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 Member Update
DON’T BE CAUGHT
CRYING THE PROP 19
BLUES IN 2021...
IBy Gina Guadio-Grace, Platinum Trust Group
n November 2020, Californian voters passed Proposition 19, a State Constitutional Amendment, with 51.1% of the voters approving it. The new law goes into effect on February 16, 2021. This means that you have a short window of time to act under the existing law.
THE WAY WE WERE: HOW IT WORKS TODAY
To understand the impact Proposition 19 will have on apartment owners, it is helpful to recognize that it modifies Proposition 13 (originally passed in 1978). Under Proposition 13, parents are permitted to transfer: (i) their primary residence, and (ii) up to $1 million in assessed value of other properties, to their children without triggering a reassessment for property tax purposes. This means that children can keep the low property tax assessment from their parents following a transfer of a primary residence or the first one million dollars of assessed value (which is usually substantially less than fair market value) of investment properties.
These same rules also apply if a grandparent transfers to a grandchild, provided the grandchild’s parents are deceased. Under Proposition 13, people over the age of 55 and people who are severely disabled can sell a primary residence and purchase a property of equal or lesser value and receive the same low property tax assessment they originally had in the property sold, provided however that the new property is in the same county as the original property.
WHAT’S CHANGED WITH PROPOSITION 19?
Proposition 19 has changed these rules in several ways. First, the exemption from reassessment for up to $1,000,000 in assessed value of property other than a primary residence transferred from parent to child or grandparent to grandchild will vanish completely. Second, while parents can still transfer their primary residence to their children, their children will only receive the lower assessed value if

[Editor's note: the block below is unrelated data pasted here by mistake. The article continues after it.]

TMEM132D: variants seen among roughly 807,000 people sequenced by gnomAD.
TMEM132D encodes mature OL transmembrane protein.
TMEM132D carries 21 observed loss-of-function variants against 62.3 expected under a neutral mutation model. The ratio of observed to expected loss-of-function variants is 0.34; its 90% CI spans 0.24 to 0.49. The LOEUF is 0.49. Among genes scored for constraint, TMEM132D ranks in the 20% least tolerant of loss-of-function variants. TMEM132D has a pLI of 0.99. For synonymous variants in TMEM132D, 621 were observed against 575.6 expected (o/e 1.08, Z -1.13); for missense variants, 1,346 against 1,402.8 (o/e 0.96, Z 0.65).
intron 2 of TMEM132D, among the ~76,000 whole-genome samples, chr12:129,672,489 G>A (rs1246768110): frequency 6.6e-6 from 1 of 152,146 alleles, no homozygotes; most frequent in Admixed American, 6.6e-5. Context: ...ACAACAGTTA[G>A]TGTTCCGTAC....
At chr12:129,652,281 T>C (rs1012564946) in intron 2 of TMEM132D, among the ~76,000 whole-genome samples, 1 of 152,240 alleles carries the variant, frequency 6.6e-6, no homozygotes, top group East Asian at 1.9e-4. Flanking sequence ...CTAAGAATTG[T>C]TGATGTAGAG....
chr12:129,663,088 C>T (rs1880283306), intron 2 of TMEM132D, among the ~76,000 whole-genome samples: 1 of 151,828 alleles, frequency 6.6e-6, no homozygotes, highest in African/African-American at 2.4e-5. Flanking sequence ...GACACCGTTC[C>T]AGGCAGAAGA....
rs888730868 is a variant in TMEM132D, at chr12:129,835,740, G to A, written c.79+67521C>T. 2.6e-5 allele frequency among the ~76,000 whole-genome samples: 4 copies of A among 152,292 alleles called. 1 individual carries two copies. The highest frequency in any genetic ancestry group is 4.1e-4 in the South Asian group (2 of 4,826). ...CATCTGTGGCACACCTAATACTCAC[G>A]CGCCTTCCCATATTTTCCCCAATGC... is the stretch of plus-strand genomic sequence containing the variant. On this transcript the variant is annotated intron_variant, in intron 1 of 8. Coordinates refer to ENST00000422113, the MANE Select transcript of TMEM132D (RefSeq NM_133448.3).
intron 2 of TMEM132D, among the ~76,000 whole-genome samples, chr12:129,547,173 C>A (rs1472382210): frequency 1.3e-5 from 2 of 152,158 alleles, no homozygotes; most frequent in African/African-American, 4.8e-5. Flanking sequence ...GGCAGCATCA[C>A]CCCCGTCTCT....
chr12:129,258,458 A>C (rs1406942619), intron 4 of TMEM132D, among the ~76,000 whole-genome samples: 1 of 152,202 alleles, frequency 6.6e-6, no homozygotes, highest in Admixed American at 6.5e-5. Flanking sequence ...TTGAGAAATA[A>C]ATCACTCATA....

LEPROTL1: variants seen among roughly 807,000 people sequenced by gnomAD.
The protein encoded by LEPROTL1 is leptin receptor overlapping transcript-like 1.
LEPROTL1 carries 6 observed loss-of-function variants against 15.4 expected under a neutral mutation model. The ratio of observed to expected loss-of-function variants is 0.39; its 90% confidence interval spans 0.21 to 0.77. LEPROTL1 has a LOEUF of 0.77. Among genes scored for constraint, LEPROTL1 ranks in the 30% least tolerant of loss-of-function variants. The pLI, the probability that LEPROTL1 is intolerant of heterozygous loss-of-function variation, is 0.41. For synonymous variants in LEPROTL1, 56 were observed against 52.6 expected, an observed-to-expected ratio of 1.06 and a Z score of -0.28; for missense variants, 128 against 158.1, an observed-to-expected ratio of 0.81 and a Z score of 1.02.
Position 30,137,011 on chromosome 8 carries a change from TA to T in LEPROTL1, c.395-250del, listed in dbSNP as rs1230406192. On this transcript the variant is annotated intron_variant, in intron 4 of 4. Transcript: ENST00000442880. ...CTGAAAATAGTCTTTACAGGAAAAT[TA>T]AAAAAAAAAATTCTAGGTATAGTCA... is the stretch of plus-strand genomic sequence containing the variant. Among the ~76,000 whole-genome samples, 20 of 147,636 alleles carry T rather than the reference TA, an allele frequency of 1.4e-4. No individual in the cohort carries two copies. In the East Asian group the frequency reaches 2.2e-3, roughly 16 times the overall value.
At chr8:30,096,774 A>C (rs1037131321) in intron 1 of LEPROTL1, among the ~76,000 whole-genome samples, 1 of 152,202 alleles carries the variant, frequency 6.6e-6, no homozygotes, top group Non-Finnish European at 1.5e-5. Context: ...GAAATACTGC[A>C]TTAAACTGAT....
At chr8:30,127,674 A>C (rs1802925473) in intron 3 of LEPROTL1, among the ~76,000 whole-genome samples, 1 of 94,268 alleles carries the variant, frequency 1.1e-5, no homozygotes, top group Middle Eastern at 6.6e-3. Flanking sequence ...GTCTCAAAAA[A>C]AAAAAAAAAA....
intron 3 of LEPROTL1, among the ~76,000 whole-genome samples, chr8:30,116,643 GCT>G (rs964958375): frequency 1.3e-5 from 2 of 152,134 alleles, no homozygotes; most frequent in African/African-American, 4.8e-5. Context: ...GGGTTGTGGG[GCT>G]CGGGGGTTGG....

they utilize the property as their primary residence. Furthermore, if the property’s fair market value at the time of the transfer exceeds the parent’s assessed value by more than $1 million, the property will be partially reassessed. In other words, the passage of Proposition 19 is a huge property tax increase being placed on our descendants.
So, under Proposition 19, if a parent chooses to transfer their primary residence to their children during the parent’s lifetime, the children only enjoy the lower property taxes if they move into the home with their parents! This may not be practical, feasible, or desirable for many adult children who have families of their own to think of, or who have jobs in other areas away from their parents or even other states.
BE CAREFUL: MIND YOUR CAPITAL GAINS TAXES
Some lawyers are advising clients to rush into transfers of primary residences and up to $1 million in assessed value of other real estate before the current Proposition 13 law vanishes entirely on February 15, 2021. While this solution preserves the lower property tax rate for the child receiving the property, it could create another issue for the child. If a parent transfers a property to a child at the time of the parent’s passing (whether through a Will or a Trust), the child receives a step-up in basis automatically. But if the parent makes an “inter vivos gift” to the child during the parent’s lifetime, the child will receive the real estate at the parent’s original basis.
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JANUARY 2021 • WWW.AAGLA.ORG
 
















































































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